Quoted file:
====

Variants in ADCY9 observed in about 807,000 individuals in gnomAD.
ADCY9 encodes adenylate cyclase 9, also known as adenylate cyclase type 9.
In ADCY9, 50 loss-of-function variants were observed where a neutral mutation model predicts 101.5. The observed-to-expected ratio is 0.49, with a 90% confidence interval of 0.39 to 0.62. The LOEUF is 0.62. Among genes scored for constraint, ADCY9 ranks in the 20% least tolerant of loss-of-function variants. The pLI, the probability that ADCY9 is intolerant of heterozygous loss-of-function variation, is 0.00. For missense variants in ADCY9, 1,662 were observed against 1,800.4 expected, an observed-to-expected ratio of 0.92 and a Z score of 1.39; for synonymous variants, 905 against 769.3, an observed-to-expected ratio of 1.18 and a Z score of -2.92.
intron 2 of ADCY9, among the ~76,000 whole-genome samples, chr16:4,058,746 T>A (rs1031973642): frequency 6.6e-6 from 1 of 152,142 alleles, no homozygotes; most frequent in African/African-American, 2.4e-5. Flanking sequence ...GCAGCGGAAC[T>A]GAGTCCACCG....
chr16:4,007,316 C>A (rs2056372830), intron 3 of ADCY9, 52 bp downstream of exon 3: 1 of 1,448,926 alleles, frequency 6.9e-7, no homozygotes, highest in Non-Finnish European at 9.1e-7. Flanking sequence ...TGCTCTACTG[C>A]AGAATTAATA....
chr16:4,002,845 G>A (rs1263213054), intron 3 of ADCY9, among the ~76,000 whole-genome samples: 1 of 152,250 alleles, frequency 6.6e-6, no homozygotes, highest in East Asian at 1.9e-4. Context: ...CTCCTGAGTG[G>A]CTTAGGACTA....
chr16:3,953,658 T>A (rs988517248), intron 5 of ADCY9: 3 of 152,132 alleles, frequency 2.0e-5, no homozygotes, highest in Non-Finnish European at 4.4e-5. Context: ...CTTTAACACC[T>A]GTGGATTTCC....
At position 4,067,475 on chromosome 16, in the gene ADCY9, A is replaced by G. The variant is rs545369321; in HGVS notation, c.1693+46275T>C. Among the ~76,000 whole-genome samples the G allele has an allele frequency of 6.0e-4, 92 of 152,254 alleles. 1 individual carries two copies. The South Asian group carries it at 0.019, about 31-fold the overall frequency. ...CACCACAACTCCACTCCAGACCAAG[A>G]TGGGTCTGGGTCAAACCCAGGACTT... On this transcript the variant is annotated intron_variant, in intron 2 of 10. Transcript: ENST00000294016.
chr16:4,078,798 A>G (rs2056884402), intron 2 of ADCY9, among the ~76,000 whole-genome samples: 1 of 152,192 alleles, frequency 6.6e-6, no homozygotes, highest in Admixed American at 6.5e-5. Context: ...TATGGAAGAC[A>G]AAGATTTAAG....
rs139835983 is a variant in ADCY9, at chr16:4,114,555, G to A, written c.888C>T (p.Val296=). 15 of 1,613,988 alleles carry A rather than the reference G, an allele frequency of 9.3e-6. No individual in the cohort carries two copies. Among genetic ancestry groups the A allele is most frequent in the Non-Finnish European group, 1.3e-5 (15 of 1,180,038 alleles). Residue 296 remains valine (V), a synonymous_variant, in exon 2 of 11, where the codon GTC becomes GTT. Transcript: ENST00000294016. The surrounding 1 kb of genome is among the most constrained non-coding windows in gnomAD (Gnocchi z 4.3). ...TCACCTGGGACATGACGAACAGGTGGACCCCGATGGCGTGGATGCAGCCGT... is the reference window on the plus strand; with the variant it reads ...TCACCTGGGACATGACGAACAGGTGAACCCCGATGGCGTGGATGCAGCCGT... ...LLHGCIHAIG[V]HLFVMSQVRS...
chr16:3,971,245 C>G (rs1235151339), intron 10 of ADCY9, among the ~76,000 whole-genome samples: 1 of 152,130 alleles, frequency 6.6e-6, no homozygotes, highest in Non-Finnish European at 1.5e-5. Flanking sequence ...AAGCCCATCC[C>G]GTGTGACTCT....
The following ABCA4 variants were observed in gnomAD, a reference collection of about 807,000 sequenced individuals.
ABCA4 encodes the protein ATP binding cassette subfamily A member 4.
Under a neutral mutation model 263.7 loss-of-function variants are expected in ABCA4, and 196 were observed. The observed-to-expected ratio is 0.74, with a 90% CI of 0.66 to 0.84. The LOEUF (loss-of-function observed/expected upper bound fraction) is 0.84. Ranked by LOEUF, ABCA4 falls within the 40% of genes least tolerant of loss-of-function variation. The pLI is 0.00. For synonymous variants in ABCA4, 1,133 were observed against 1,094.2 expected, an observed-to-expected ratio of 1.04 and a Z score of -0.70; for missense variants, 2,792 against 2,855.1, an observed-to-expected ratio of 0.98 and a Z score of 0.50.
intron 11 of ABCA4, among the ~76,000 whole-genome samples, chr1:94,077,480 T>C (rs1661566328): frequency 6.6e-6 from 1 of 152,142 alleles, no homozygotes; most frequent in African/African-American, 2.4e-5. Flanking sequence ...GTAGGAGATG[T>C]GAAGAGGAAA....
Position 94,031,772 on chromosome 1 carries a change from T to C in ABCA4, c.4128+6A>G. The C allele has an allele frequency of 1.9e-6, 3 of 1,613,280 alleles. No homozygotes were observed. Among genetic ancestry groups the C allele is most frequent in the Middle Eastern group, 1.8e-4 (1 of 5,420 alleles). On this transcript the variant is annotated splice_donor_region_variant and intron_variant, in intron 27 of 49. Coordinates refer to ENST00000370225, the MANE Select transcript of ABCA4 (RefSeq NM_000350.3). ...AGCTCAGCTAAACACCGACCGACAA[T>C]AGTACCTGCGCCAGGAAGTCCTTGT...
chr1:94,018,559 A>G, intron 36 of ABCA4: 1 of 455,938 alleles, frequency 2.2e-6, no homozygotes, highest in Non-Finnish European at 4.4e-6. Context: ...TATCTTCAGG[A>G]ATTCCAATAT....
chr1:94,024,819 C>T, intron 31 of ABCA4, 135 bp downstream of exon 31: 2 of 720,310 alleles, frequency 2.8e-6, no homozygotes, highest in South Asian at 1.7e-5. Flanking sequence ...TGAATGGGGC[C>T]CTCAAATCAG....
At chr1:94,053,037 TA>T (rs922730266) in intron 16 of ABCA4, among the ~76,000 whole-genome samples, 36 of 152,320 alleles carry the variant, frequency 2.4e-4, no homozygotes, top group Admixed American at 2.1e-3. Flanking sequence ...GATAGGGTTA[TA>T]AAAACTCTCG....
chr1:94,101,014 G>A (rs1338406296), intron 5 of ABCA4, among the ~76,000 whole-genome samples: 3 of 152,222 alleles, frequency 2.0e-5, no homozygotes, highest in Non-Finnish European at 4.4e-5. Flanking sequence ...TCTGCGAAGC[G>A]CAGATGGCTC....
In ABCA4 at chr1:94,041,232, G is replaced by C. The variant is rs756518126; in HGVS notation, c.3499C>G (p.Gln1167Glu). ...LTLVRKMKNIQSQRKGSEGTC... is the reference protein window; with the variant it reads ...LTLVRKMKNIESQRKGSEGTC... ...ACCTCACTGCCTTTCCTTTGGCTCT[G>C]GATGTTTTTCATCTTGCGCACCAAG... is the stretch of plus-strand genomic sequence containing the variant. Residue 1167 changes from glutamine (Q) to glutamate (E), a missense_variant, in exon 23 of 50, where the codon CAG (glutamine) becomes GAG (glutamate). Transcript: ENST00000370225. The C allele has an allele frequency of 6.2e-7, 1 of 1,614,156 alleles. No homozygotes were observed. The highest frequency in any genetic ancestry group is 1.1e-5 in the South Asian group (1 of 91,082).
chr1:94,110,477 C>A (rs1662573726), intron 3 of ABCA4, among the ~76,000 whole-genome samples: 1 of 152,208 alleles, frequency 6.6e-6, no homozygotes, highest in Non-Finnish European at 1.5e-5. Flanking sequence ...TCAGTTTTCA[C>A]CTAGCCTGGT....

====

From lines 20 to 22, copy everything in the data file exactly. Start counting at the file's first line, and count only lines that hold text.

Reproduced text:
chr1:94,101,014 G>A (rs1338406296), intron 5 of ABCA4, among the ~76,000 whole-genome samples: 3 of 152,222 alleles, frequency 2.0e-5, no homozygotes, highest in Non-Finnish European at 4.4e-5. Flanking sequence ...TCTGCGAAGC[G>A]CAGATGGCTC....
In ABCA4 at chr1:94,041,232, G is replaced by C. The variant is rs756518126; in HGVS notation, c.3499C>G (p.Gln1167Glu). ...LTLVRKMKNIQSQRKGSEGTC... is the reference protein window; with the variant it reads ...LTLVRKMKNIESQRKGSEGTC... ...ACCTCACTGCCTTTCCTTTGGCTCT[G>C]GATGTTTTTCATCTTGCGCACCAAG... is the stretch of plus-strand genomic sequence containing the variant. Residue 1167 changes from glutamine (Q) to glutamate (E), a missense_variant, in exon 23 of 50, where the codon CAG (glutamine) becomes GAG (glutamate). Transcript: ENST00000370225. The C allele has an allele frequency of 6.2e-7, 1 of 1,614,156 alleles. No homozygotes were observed. The highest frequency in any genetic ancestry group is 1.1e-5 in the South Asian group (1 of 91,082).
chr1:94,110,477 C>A (rs1662573726), intron 3 of ABCA4, among the ~76,000 whole-genome samples: 1 of 152,208 alleles, frequency 6.6e-6, no homozygotes, highest in Non-Finnish European at 1.5e-5. Flanking sequence ...TCAGTTTTCA[C>A]CTAGCCTGGT....